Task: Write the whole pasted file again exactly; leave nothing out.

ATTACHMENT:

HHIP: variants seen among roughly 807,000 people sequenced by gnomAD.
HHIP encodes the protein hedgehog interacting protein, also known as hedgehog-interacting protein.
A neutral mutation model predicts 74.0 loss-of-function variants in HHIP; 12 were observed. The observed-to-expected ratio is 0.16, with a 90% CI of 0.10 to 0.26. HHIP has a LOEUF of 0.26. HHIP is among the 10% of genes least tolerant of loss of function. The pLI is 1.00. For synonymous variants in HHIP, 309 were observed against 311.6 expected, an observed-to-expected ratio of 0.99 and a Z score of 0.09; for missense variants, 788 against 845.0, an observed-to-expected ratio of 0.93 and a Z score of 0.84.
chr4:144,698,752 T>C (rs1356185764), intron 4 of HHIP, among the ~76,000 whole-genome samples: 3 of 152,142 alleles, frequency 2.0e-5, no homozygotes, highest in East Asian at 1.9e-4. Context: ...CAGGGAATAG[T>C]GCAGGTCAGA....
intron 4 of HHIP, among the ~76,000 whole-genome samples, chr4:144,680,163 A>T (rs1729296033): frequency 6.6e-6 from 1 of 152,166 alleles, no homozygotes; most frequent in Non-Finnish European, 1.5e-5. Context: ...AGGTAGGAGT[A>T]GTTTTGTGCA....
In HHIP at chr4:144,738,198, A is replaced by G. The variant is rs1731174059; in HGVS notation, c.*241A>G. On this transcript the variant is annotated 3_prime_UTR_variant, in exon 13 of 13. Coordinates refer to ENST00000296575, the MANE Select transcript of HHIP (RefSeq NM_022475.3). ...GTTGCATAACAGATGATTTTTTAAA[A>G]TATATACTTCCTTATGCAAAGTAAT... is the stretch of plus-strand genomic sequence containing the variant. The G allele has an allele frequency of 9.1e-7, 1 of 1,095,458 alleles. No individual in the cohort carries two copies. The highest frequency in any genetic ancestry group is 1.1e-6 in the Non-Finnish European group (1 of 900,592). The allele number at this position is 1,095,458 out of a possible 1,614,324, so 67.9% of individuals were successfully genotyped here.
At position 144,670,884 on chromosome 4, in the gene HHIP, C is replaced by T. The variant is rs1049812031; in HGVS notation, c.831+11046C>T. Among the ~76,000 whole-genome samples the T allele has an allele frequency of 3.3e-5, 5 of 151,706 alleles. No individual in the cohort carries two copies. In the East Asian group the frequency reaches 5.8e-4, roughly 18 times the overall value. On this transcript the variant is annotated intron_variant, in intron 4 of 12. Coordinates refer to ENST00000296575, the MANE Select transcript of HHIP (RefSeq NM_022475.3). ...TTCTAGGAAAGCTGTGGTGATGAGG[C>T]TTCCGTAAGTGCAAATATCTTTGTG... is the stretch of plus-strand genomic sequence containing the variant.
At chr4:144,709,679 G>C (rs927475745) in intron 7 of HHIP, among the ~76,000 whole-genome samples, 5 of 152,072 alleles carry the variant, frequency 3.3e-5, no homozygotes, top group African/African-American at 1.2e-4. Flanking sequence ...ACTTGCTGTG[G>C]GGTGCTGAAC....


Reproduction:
HHIP: variants seen among roughly 807,000 people sequenced by gnomAD.
HHIP encodes the protein hedgehog interacting protein, also known as hedgehog-interacting protein.
A neutral mutation model predicts 74.0 loss-of-function variants in HHIP; 12 were observed. The observed-to-expected ratio is 0.16, with a 90% CI of 0.10 to 0.26. HHIP has a LOEUF of 0.26. HHIP is among the 10% of genes least tolerant of loss of function. The pLI is 1.00. For synonymous variants in HHIP, 309 were observed against 311.6 expected, an observed-to-expected ratio of 0.99 and a Z score of 0.09; for missense variants, 788 against 845.0, an observed-to-expected ratio of 0.93 and a Z score of 0.84.
chr4:144,698,752 T>C (rs1356185764), intron 4 of HHIP, among the ~76,000 whole-genome samples: 3 of 152,142 alleles, frequency 2.0e-5, no homozygotes, highest in East Asian at 1.9e-4. Context: ...CAGGGAATAG[T>C]GCAGGTCAGA....
intron 4 of HHIP, among the ~76,000 whole-genome samples, chr4:144,680,163 A>T (rs1729296033): frequency 6.6e-6 from 1 of 152,166 alleles, no homozygotes; most frequent in Non-Finnish European, 1.5e-5. Context: ...AGGTAGGAGT[A>T]GTTTTGTGCA....
In HHIP at chr4:144,738,198, A is replaced by G. The variant is rs1731174059; in HGVS notation, c.*241A>G. On this transcript the variant is annotated 3_prime_UTR_variant, in exon 13 of 13. Coordinates refer to ENST00000296575, the MANE Select transcript of HHIP (RefSeq NM_022475.3). ...GTTGCATAACAGATGATTTTTTAAA[A>G]TATATACTTCCTTATGCAAAGTAAT... is the stretch of plus-strand genomic sequence containing the variant. The G allele has an allele frequency of 9.1e-7, 1 of 1,095,458 alleles. No individual in the cohort carries two copies. The highest frequency in any genetic ancestry group is 1.1e-6 in the Non-Finnish European group (1 of 900,592). The allele number at this position is 1,095,458 out of a possible 1,614,324, so 67.9% of individuals were successfully genotyped here.
At position 144,670,884 on chromosome 4, in the gene HHIP, C is replaced by T. The variant is rs1049812031; in HGVS notation, c.831+11046C>T. Among the ~76,000 whole-genome samples the T allele has an allele frequency of 3.3e-5, 5 of 151,706 alleles. No individual in the cohort carries two copies. In the East Asian group the frequency reaches 5.8e-4, roughly 18 times the overall value. On this transcript the variant is annotated intron_variant, in intron 4 of 12. Coordinates refer to ENST00000296575, the MANE Select transcript of HHIP (RefSeq NM_022475.3). ...TTCTAGGAAAGCTGTGGTGATGAGG[C>T]TTCCGTAAGTGCAAATATCTTTGTG... is the stretch of plus-strand genomic sequence containing the variant.
At chr4:144,709,679 G>C (rs927475745) in intron 7 of HHIP, among the ~76,000 whole-genome samples, 5 of 152,072 alleles carry the variant, frequency 3.3e-5, no homozygotes, top group African/African-American at 1.2e-4. Flanking sequence ...ACTTGCTGTG[G>C]GGTGCTGAAC....